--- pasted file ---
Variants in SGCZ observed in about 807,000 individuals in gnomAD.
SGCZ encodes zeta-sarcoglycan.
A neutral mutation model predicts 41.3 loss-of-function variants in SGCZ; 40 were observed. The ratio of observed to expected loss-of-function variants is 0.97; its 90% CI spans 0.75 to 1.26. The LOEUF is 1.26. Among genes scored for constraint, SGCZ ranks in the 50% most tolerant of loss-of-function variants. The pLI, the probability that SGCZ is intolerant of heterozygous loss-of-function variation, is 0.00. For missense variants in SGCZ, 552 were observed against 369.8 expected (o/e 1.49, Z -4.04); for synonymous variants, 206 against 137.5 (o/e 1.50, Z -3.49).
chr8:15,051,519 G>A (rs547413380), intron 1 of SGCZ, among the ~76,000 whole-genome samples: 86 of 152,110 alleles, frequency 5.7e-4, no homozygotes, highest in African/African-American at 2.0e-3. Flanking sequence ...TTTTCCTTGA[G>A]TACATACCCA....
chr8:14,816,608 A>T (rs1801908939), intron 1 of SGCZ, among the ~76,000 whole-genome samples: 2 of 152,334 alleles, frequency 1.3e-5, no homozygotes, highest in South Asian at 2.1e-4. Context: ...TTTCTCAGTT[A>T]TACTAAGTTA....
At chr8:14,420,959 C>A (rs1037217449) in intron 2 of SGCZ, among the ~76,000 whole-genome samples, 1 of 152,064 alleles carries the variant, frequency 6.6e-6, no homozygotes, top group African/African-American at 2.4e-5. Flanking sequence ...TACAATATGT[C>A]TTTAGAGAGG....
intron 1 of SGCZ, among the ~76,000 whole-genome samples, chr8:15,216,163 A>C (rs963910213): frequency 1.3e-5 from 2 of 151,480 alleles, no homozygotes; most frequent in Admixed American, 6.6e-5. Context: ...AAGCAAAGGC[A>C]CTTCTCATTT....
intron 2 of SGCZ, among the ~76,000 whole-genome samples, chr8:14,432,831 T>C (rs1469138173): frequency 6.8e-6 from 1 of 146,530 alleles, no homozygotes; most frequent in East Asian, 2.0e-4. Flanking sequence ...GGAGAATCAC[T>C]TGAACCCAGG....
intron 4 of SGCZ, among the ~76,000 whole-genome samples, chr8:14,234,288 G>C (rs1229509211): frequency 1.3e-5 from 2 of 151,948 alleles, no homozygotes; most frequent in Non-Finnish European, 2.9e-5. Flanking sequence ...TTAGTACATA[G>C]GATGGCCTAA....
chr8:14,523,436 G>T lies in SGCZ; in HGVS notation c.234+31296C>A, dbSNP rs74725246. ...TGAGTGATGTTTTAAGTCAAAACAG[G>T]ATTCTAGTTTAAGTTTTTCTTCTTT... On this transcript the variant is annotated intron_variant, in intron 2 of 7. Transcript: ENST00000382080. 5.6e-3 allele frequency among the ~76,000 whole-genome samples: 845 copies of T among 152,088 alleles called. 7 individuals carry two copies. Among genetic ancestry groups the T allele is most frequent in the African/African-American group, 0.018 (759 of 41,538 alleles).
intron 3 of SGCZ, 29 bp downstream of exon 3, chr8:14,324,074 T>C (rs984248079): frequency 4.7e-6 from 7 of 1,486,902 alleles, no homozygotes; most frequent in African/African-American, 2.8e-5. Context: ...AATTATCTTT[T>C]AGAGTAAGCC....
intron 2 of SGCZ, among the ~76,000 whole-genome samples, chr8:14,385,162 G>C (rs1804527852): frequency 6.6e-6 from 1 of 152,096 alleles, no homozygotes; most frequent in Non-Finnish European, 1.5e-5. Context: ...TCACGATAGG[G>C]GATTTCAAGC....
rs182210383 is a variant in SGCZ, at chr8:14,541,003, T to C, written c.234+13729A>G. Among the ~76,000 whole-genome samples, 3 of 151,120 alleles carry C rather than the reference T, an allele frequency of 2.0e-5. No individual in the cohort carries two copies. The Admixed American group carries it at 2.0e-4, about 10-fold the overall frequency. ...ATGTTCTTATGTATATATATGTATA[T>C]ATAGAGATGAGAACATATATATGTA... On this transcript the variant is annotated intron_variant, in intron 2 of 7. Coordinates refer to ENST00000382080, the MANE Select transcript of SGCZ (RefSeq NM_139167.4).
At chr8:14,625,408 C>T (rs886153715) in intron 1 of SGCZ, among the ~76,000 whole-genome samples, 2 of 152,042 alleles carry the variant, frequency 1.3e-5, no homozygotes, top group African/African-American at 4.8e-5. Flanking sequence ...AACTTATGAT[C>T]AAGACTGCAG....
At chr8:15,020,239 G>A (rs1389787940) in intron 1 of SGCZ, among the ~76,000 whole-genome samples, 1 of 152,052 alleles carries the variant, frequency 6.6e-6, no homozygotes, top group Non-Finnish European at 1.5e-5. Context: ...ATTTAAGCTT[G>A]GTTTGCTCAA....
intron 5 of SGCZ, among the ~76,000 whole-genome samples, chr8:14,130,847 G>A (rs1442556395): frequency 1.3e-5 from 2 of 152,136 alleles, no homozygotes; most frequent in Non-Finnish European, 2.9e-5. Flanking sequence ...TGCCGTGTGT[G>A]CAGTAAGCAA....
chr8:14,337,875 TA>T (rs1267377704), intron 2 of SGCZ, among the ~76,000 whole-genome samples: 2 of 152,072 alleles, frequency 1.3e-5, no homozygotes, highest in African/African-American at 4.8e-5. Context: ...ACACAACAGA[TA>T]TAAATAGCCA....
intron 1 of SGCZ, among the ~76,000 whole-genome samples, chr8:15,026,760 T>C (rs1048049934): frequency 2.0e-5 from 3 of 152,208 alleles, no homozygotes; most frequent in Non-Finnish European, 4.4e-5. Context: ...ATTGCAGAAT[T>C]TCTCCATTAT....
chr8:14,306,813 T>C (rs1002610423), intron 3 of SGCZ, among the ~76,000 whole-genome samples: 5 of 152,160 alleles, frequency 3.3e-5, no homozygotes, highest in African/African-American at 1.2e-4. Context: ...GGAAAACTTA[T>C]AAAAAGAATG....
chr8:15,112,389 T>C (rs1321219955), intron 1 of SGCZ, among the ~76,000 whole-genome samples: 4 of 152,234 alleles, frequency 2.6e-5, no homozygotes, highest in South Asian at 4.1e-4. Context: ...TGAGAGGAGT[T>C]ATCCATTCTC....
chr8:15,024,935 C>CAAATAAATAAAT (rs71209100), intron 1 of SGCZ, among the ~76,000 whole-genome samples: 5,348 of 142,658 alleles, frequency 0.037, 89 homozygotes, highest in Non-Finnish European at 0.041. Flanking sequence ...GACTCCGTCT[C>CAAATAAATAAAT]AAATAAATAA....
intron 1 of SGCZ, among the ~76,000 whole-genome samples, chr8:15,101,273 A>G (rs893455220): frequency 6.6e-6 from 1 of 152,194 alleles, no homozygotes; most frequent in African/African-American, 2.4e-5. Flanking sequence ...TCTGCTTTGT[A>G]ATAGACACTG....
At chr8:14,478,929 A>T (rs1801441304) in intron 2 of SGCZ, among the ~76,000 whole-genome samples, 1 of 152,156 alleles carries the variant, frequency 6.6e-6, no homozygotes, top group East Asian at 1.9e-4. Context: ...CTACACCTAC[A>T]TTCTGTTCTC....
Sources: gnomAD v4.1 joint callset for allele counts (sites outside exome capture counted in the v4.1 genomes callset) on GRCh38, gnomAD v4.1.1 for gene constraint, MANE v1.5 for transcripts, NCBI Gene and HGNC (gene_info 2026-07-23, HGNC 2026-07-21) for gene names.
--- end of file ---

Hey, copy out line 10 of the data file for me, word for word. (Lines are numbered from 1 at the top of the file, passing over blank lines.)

chr8:14,523,436 G>T lies in SGCZ; in HGVS notation c.234+31296C>A, dbSNP rs74725246. ...TGAGTGATGTTTTAAGTCAAAACAG[G>T]ATTCTAGTTTAAGTTTTTCTTCTTT... On this transcript the variant is annotated intron_variant, in intron 2 of 7. Transcript: ENST00000382080. 5.6e-3 allele frequency among the ~76,000 whole-genome samples: 845 copies of T among 152,088 alleles called. 7 individuals carry two copies. Among genetic ancestry groups the T allele is most frequent in the African/African-American group, 0.018 (759 of 41,538 alleles).